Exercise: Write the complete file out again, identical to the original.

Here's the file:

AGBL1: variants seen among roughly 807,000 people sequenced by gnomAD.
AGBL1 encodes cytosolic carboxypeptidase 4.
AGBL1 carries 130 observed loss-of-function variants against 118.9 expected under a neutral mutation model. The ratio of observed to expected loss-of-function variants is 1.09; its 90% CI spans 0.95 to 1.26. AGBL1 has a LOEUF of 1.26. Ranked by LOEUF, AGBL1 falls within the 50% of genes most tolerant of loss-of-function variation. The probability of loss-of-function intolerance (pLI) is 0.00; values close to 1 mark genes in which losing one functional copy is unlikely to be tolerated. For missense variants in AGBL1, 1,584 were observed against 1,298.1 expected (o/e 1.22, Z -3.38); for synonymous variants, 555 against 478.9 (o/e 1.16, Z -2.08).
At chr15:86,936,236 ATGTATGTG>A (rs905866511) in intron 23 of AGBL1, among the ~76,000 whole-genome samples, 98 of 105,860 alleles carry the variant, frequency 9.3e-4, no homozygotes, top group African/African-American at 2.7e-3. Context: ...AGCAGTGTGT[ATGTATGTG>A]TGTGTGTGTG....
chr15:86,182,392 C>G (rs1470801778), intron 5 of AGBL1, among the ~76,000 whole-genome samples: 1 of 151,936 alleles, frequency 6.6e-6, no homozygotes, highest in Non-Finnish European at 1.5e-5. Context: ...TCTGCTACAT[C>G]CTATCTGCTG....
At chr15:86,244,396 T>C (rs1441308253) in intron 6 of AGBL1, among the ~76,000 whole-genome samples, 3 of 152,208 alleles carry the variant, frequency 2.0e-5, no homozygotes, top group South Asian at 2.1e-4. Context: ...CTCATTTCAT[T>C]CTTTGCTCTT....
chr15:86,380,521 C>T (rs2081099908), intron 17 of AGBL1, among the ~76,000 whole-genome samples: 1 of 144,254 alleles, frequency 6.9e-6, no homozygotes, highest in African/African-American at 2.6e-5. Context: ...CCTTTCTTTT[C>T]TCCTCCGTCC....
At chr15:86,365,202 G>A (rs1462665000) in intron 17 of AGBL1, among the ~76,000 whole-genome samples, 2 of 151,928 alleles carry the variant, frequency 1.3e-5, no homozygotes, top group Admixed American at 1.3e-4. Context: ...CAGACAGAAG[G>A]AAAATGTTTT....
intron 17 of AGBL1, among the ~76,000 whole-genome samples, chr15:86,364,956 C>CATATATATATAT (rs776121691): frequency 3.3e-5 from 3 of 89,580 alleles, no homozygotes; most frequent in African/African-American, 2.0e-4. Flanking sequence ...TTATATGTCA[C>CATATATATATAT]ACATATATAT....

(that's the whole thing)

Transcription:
AGBL1: variants seen among roughly 807,000 people sequenced by gnomAD.
AGBL1 encodes cytosolic carboxypeptidase 4.
AGBL1 carries 130 observed loss-of-function variants against 118.9 expected under a neutral mutation model. The ratio of observed to expected loss-of-function variants is 1.09; its 90% CI spans 0.95 to 1.26. AGBL1 has a LOEUF of 1.26. Ranked by LOEUF, AGBL1 falls within the 50% of genes most tolerant of loss-of-function variation. The probability of loss-of-function intolerance (pLI) is 0.00; values close to 1 mark genes in which losing one functional copy is unlikely to be tolerated. For missense variants in AGBL1, 1,584 were observed against 1,298.1 expected (o/e 1.22, Z -3.38); for synonymous variants, 555 against 478.9 (o/e 1.16, Z -2.08).
At chr15:86,936,236 ATGTATGTG>A (rs905866511) in intron 23 of AGBL1, among the ~76,000 whole-genome samples, 98 of 105,860 alleles carry the variant, frequency 9.3e-4, no homozygotes, top group African/African-American at 2.7e-3. Context: ...AGCAGTGTGT[ATGTATGTG>A]TGTGTGTGTG....
chr15:86,182,392 C>G (rs1470801778), intron 5 of AGBL1, among the ~76,000 whole-genome samples: 1 of 151,936 alleles, frequency 6.6e-6, no homozygotes, highest in Non-Finnish European at 1.5e-5. Context: ...TCTGCTACAT[C>G]CTATCTGCTG....
At chr15:86,244,396 T>C (rs1441308253) in intron 6 of AGBL1, among the ~76,000 whole-genome samples, 3 of 152,208 alleles carry the variant, frequency 2.0e-5, no homozygotes, top group South Asian at 2.1e-4. Context: ...CTCATTTCAT[T>C]CTTTGCTCTT....
chr15:86,380,521 C>T (rs2081099908), intron 17 of AGBL1, among the ~76,000 whole-genome samples: 1 of 144,254 alleles, frequency 6.9e-6, no homozygotes, highest in African/African-American at 2.6e-5. Context: ...CCTTTCTTTT[C>T]TCCTCCGTCC....
At chr15:86,365,202 G>A (rs1462665000) in intron 17 of AGBL1, among the ~76,000 whole-genome samples, 2 of 151,928 alleles carry the variant, frequency 1.3e-5, no homozygotes, top group Admixed American at 1.3e-4. Context: ...CAGACAGAAG[G>A]AAAATGTTTT....
intron 17 of AGBL1, among the ~76,000 whole-genome samples, chr15:86,364,956 C>CATATATATATAT (rs776121691): frequency 3.3e-5 from 3 of 89,580 alleles, no homozygotes; most frequent in African/African-American, 2.0e-4. Flanking sequence ...TTATATGTCA[C>CATATATATATAT]ACATATATAT....